Purchase that daily latte, advises financial expert Nicole Lapin. Surprised? That’s not her only unusual advice.
“It’s not your momma’s finance lesson,” Lapin says in describing her book, Rich Bitch: A Simple 12-Step Plan for Getting Your Financial Life Together… Finally. Throughout the book, she shares personal anecdotes and examples, such as how she painlessly eliminated a $5,000 credit-card balance.
Lapin wants to take the mystery out of finance. She avoids off-putting conventional terms and empowers women to take control of their financial affairs. Lapin says that the word Bitch in her new book’s title shouldn’t be considered bad and that it really just means a woman who stands up for herself, while Rich alludes to a fulfilling life. A former CNBC and CNN news anchor who has been called a “money guru for millennials,” Lapin, 31, reported at the forefront of the Great Recession.
“There is a new normal. It’s not the American Dream anymore. This is your dream and your destiny. It’s about taking it into your own hands,” Lapin says. “You don’t need a man or the right schooling or to be born with a silver spoon in your mouth.” You do need a plan, though—and here are six tips from her 12-step plan:
1. Go ahead and buy coffee from a barista.
Ignore the traditional advice that makes you feel guilty or stupid for not making your own coffee. Sure, there are online “coffee savings calculators” that show how much you’d save if you skipped the $3.50 once-a-day habit in favor of 25-cents-a-cup homemade java ($1,138, says DollarTimes.com’s calculator). But Lapin blasts latte vilification as a goofy scare tactic that depresses your mood and makes you want to binge on something else later. Her approach: Think of yourself as someone who has billable hours, like a lawyer, because your time is valuable. If you waste several minutes fussing with the coffeemaker each morning, then it might be cost-effective to buy your brew. “The idea that you need to deprive yourself in order to reach financial freedom or Shangri-La is silly. I hope people rethink conventional financial wisdom,” Lapin says. “Start thinking for yourself and investing in yourself because that’s going to pay the most dividends later.” Besides, she figures the lattes might put a little spring in your step at work and motivate you to try to land a raise that exceeds the $1,100 you’d save on the lattes.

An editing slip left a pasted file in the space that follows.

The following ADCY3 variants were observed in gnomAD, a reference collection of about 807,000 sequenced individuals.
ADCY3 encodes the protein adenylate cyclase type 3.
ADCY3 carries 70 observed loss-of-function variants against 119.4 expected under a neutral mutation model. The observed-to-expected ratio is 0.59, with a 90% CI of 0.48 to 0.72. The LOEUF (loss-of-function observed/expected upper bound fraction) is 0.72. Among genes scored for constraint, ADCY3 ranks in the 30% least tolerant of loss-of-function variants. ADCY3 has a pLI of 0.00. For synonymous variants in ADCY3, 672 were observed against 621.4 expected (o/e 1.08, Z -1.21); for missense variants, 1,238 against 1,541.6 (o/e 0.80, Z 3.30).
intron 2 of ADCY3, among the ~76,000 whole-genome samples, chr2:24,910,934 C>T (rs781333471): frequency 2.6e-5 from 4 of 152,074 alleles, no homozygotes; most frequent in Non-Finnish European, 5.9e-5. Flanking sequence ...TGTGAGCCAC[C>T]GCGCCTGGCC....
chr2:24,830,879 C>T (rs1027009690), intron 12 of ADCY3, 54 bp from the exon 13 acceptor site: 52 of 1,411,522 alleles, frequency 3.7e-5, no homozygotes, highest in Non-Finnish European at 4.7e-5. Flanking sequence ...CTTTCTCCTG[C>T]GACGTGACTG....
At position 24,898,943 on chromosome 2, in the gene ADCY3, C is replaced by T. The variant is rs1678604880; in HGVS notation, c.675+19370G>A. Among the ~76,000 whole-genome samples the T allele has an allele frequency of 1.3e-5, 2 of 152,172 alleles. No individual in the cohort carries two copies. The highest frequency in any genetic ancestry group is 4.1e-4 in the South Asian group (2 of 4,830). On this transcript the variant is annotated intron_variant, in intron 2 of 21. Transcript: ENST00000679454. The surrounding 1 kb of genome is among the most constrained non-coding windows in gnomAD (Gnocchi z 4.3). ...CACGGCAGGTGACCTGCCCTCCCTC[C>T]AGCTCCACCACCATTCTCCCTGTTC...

2. Ask for a raise and get it.
Find out what people with your experience earn in your industry by going to websites such as Salary.com and Payscale.com to come up with a raise request that’s on the high end, Lapin advises in her book. Arm yourself with key examples of your great performance, including how you’ve helped the company. Timing is everything, so she suggests asking for a raise after a fantastic job review or a client sings your praises.
3. Write down your goals and turn them into an elevator pitch.